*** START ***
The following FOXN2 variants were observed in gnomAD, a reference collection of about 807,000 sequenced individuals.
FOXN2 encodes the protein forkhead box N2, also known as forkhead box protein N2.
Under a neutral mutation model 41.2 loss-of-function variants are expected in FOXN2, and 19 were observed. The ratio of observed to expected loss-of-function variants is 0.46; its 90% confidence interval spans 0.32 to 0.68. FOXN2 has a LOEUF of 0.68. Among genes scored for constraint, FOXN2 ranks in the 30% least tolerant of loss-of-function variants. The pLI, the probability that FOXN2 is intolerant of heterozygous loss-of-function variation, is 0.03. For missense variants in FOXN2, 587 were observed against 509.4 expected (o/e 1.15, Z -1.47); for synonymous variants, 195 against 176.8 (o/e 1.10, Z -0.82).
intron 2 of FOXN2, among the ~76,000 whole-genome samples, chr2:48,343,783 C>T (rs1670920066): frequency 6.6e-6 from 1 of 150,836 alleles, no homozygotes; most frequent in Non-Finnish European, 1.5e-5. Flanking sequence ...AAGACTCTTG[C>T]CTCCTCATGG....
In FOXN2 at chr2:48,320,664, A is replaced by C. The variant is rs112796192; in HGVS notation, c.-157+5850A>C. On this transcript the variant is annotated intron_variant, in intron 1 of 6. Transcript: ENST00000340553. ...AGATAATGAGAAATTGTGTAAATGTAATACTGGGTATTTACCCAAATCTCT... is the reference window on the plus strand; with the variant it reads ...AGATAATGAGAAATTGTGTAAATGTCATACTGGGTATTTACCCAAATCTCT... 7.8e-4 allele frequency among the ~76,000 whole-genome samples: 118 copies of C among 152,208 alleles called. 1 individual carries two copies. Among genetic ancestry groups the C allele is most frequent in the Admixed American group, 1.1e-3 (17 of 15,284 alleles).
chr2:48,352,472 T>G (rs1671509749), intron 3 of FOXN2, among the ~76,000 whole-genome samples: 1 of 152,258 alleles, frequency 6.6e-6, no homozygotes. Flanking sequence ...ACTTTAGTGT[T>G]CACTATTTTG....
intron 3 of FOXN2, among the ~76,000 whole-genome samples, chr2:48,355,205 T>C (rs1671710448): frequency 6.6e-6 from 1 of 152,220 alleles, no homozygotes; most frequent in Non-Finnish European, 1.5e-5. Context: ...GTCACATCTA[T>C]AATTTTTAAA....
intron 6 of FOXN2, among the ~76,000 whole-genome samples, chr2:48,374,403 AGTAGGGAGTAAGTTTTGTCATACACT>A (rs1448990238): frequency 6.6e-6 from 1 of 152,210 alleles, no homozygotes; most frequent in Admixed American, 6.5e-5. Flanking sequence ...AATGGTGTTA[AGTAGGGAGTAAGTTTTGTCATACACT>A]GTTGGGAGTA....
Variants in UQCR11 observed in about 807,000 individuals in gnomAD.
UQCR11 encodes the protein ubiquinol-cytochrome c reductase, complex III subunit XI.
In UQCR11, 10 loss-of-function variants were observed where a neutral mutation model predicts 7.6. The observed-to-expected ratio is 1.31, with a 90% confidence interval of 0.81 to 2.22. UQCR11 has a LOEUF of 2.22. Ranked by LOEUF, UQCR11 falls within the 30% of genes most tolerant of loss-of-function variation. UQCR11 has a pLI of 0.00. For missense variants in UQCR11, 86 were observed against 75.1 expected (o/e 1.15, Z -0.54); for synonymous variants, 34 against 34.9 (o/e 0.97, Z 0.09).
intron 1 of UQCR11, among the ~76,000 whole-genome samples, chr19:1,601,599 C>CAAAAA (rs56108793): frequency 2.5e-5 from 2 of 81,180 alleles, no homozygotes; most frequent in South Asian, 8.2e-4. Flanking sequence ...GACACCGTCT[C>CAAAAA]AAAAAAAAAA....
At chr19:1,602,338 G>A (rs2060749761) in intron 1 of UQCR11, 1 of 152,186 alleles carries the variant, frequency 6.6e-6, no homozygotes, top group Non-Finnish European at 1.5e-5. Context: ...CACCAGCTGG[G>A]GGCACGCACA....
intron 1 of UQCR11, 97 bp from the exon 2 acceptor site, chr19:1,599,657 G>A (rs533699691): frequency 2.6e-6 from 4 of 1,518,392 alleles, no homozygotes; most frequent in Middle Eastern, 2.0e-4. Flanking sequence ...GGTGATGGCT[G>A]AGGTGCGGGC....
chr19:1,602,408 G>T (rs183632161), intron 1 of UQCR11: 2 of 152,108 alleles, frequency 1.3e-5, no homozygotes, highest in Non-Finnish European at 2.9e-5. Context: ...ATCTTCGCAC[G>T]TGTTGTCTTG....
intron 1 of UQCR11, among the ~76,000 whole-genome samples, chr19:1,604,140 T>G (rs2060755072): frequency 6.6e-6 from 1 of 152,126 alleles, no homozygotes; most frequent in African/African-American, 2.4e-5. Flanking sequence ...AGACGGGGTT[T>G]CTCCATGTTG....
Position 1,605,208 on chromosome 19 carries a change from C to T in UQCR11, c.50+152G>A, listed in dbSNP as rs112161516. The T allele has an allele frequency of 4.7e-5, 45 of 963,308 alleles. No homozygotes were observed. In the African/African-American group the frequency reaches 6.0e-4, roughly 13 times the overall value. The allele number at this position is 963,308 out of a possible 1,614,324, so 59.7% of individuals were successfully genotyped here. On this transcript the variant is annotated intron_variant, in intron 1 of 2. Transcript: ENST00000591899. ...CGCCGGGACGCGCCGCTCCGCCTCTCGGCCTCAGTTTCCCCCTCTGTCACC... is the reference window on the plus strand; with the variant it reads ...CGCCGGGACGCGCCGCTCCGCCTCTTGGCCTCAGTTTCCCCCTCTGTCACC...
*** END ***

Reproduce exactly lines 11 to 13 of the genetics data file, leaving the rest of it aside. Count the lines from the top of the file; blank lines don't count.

In UQCR11, 10 loss-of-function variants were observed where a neutral mutation model predicts 7.6. The observed-to-expected ratio is 1.31, with a 90% confidence interval of 0.81 to 2.22. UQCR11 has a LOEUF of 2.22. Ranked by LOEUF, UQCR11 falls within the 30% of genes most tolerant of loss-of-function variation. UQCR11 has a pLI of 0.00. For missense variants in UQCR11, 86 were observed against 75.1 expected (o/e 1.15, Z -0.54); for synonymous variants, 34 against 34.9 (o/e 0.97, Z 0.09).
intron 1 of UQCR11, among the ~76,000 whole-genome samples, chr19:1,601,599 C>CAAAAA (rs56108793): frequency 2.5e-5 from 2 of 81,180 alleles, no homozygotes; most frequent in South Asian, 8.2e-4. Flanking sequence ...GACACCGTCT[C>CAAAAA]AAAAAAAAAA....
At chr19:1,602,338 G>A (rs2060749761) in intron 1 of UQCR11, 1 of 152,186 alleles carries the variant, frequency 6.6e-6, no homozygotes, top group Non-Finnish European at 1.5e-5. Context: ...CACCAGCTGG[G>A]GGCACGCACA....